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An Interview with Meb Keflezighi

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Meb discusses his prep for his fourth Olympics, the lifestyle of a professional marathoner, and what song he listens to before each race.

Track & Field: U.S. Olympic Marathon Trials Kirby Lee-USA TODAY Sports

After talking to Ajee Wilson earlier in the week, we're back with another interview. It's not often that running enters the public consciousness and it's even rarer that a particular runner becomes a recognizable cultural figure. But, after winning the 2014 Boston Marathon--a year after the tragic bombings--Meb Keflezighi did just that. Since that time, he's become ubiquitous both on your TV advertising for Sketchers or at seemingly every major marathon's press conference.

As Meb gears up for his fourth Olympics this summer in Rio, he was generous enough--with a hat tip to his sponsors at KT Tape--to respond to some of our questions over email. We asked a lot of questions about a lot of topics and, to be completely honest, didn't expect him to respond to all of them. Meb was kind enough to not only respond to all our silly questions, but to respond in detail to them.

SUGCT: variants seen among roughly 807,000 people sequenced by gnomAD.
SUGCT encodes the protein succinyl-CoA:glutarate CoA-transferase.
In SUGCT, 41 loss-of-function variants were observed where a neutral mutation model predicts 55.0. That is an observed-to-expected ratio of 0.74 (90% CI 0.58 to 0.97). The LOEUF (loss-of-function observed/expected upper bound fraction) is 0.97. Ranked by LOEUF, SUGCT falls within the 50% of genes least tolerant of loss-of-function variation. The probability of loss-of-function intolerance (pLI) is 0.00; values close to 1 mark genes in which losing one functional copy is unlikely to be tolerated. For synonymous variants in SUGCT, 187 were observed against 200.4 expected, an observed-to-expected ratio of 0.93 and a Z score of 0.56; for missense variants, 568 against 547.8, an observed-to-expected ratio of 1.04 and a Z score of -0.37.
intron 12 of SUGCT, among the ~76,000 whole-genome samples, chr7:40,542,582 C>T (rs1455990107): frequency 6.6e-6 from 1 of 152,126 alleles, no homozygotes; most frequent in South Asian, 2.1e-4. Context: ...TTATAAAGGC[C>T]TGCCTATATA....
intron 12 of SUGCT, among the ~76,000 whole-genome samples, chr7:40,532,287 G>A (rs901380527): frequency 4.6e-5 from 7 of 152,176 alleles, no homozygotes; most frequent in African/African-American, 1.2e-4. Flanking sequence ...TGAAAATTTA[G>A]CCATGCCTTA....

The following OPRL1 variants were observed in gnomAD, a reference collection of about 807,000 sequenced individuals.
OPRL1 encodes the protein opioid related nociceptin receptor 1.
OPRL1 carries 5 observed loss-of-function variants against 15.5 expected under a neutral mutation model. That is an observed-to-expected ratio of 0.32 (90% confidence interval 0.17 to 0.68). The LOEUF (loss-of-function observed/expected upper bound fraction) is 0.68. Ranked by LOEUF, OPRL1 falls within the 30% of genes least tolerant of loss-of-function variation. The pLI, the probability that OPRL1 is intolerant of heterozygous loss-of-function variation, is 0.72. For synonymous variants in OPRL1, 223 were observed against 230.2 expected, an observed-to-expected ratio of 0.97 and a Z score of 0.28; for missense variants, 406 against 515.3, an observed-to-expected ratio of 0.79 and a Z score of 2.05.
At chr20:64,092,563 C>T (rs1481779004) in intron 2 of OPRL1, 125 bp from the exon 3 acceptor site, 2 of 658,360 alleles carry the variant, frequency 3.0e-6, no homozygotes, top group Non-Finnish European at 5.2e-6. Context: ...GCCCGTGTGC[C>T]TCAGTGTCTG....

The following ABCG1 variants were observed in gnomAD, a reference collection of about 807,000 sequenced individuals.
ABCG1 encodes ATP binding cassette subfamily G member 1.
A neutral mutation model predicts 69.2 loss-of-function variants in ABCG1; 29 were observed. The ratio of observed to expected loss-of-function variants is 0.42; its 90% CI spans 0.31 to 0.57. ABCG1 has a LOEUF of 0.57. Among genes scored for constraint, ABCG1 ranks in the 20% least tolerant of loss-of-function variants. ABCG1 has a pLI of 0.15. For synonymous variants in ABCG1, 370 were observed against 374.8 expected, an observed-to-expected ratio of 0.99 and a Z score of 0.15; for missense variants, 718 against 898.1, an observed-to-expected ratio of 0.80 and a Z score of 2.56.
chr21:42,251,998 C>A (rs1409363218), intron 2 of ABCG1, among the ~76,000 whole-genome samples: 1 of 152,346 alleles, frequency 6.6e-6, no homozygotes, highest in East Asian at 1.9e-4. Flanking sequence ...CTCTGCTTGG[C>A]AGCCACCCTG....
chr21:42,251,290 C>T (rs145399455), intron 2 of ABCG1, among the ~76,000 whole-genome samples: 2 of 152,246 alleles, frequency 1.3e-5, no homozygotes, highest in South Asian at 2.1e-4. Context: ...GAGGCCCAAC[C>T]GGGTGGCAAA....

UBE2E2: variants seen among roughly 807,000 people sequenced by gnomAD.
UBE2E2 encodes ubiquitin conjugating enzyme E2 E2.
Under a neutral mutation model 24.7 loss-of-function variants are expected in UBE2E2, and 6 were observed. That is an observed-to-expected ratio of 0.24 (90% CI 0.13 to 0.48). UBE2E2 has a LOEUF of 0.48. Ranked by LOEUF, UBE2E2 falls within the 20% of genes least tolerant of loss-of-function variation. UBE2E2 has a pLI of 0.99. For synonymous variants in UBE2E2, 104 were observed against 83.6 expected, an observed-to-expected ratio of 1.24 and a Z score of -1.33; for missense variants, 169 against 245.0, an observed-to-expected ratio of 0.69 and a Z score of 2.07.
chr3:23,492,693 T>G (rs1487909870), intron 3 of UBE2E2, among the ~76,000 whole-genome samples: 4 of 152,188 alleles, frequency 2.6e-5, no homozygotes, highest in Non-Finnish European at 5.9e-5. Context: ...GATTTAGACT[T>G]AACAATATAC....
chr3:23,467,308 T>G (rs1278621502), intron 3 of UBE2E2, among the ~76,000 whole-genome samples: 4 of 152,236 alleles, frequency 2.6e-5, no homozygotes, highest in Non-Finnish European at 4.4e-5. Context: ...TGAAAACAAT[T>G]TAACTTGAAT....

What follows is an unedited record of that email conversation with some bold face type on what I arbitrarily decided were the highlights of the correspondence.

Training and Rio

You've said that you originally planned to retire in 2013 but decided to extend your career after the Boston Marathon bombings. Nearly three years later, you're still racing. When did you decide to extend your career past the 2014 Boston Marathon? How much longer can we expect to see you running professionally?

Yes, I really thought the 2012 Olympic Games in London would be my last Olympics. I had 50 family members and friends join me in London to celebrate my last Olympics. Though I finished fourth in the race, I came back from 21st place, so I was satisfied with my performance. I was in great shape and ready to race the 2012 NYC Marathon, but it was canceled because of Super Storm Sandy. I still expected 2013 to be my last year of marathoning. But after the 2013 Boston Marathon bombings, I dedicated myself to coming back and racing in Boston in 2014. Running a PR in Boston and winning the most significant race of my life encouraged me to pursue the 2016 Olympics. Fortunately, I was able to make my 4th Olympic team. I want to help people learn not to put limitations on themselves.